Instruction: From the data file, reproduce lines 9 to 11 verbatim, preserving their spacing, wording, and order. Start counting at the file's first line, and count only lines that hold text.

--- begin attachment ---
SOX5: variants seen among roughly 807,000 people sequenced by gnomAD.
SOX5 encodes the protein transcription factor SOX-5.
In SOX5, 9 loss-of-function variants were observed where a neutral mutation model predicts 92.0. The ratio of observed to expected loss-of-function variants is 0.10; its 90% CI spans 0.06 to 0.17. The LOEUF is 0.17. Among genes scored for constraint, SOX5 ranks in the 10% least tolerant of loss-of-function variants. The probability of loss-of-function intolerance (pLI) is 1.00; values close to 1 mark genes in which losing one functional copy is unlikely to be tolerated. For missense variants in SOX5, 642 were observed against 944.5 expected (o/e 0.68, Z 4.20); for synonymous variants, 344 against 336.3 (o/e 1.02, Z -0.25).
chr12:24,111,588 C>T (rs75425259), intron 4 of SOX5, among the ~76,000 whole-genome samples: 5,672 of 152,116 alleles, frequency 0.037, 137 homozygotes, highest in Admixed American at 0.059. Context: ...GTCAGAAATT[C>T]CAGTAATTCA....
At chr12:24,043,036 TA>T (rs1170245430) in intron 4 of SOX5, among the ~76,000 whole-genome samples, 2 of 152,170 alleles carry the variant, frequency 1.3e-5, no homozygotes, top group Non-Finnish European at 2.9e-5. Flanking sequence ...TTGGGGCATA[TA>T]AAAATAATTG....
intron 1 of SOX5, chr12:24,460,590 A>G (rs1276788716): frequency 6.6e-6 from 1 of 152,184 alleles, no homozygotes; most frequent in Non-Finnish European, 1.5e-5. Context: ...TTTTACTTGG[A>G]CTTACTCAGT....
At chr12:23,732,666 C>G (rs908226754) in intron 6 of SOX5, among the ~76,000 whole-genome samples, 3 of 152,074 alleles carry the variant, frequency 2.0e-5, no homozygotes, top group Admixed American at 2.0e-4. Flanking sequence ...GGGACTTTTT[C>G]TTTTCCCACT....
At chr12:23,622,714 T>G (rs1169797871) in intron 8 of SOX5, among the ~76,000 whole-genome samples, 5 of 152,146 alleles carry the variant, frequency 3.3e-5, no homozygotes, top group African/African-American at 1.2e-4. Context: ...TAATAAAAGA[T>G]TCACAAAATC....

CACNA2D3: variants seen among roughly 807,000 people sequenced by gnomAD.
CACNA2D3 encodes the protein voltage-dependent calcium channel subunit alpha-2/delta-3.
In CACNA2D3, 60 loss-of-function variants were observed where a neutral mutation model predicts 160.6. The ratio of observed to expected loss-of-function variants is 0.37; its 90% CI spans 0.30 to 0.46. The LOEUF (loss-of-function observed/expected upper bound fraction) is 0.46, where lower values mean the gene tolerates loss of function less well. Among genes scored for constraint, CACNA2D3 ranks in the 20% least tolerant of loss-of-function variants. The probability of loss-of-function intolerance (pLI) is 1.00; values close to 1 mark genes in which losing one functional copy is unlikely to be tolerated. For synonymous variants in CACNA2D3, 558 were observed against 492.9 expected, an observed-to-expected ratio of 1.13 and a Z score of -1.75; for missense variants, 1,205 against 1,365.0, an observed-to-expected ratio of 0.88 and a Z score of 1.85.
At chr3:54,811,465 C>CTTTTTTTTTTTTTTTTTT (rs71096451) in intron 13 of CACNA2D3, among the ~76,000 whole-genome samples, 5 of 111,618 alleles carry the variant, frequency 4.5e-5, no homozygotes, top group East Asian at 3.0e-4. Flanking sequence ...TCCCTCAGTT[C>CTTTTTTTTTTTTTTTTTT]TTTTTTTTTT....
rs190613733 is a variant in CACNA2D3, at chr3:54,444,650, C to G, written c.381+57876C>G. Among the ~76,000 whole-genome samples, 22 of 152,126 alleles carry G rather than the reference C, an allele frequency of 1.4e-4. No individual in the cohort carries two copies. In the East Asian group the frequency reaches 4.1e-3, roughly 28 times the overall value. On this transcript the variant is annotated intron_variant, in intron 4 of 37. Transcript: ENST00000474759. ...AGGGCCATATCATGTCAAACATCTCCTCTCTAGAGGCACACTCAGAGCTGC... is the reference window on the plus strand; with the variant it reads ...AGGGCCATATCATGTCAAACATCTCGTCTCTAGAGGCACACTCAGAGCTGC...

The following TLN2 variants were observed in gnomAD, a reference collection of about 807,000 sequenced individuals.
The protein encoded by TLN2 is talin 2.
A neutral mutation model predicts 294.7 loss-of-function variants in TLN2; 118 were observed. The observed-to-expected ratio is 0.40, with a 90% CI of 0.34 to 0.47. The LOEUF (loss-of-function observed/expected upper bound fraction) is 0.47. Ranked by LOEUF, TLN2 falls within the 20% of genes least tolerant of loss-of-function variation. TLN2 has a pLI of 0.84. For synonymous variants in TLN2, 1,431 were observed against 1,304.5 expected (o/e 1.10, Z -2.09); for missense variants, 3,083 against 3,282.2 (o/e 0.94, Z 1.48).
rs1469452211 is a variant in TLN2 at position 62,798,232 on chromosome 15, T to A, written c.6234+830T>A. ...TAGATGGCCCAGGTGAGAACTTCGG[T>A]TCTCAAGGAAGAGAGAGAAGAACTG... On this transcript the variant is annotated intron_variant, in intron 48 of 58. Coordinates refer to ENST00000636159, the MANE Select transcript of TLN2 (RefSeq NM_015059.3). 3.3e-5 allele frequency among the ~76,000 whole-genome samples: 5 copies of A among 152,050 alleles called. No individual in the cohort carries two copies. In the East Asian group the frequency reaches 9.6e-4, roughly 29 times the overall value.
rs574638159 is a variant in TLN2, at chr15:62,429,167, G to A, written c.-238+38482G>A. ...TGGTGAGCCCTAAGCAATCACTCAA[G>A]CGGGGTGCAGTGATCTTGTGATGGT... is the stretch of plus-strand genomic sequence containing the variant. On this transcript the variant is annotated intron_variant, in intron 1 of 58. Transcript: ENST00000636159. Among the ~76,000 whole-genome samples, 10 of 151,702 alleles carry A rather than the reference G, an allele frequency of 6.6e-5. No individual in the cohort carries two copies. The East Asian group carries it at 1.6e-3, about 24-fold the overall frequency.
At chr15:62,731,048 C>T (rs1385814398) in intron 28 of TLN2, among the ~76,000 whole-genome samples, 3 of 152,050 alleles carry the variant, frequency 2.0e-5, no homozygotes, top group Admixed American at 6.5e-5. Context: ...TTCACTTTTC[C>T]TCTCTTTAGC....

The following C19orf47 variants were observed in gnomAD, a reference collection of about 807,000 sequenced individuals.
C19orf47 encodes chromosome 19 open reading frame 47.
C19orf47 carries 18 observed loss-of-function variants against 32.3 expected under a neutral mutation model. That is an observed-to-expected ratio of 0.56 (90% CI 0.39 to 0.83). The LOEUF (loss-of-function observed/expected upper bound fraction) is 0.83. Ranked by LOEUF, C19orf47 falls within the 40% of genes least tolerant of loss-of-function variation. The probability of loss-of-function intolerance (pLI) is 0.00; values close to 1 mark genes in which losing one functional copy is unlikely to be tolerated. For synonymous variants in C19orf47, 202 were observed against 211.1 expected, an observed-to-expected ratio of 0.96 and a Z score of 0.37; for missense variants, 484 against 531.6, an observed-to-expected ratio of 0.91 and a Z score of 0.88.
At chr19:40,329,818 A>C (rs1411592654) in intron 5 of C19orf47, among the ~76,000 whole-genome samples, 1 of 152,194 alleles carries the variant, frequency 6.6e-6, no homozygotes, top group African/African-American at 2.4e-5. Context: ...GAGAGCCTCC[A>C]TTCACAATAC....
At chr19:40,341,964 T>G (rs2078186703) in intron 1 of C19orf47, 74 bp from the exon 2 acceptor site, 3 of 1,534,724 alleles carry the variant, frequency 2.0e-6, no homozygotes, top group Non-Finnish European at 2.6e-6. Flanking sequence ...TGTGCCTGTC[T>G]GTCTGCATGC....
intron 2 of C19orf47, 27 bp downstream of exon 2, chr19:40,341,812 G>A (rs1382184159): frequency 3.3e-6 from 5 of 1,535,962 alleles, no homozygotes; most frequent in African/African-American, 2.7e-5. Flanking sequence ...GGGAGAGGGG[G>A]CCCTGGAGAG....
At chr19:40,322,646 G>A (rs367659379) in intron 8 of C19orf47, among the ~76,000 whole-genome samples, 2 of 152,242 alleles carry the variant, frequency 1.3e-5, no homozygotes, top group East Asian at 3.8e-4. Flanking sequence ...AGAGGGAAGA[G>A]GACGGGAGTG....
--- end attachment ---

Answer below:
CACNA2D3: variants seen among roughly 807,000 people sequenced by gnomAD.
CACNA2D3 encodes the protein voltage-dependent calcium channel subunit alpha-2/delta-3.
In CACNA2D3, 60 loss-of-function variants were observed where a neutral mutation model predicts 160.6. The ratio of observed to expected loss-of-function variants is 0.37; its 90% CI spans 0.30 to 0.46. The LOEUF (loss-of-function observed/expected upper bound fraction) is 0.46, where lower values mean the gene tolerates loss of function less well. Among genes scored for constraint, CACNA2D3 ranks in the 20% least tolerant of loss-of-function variants. The probability of loss-of-function intolerance (pLI) is 1.00; values close to 1 mark genes in which losing one functional copy is unlikely to be tolerated. For synonymous variants in CACNA2D3, 558 were observed against 492.9 expected, an observed-to-expected ratio of 1.13 and a Z score of -1.75; for missense variants, 1,205 against 1,365.0, an observed-to-expected ratio of 0.88 and a Z score of 1.85.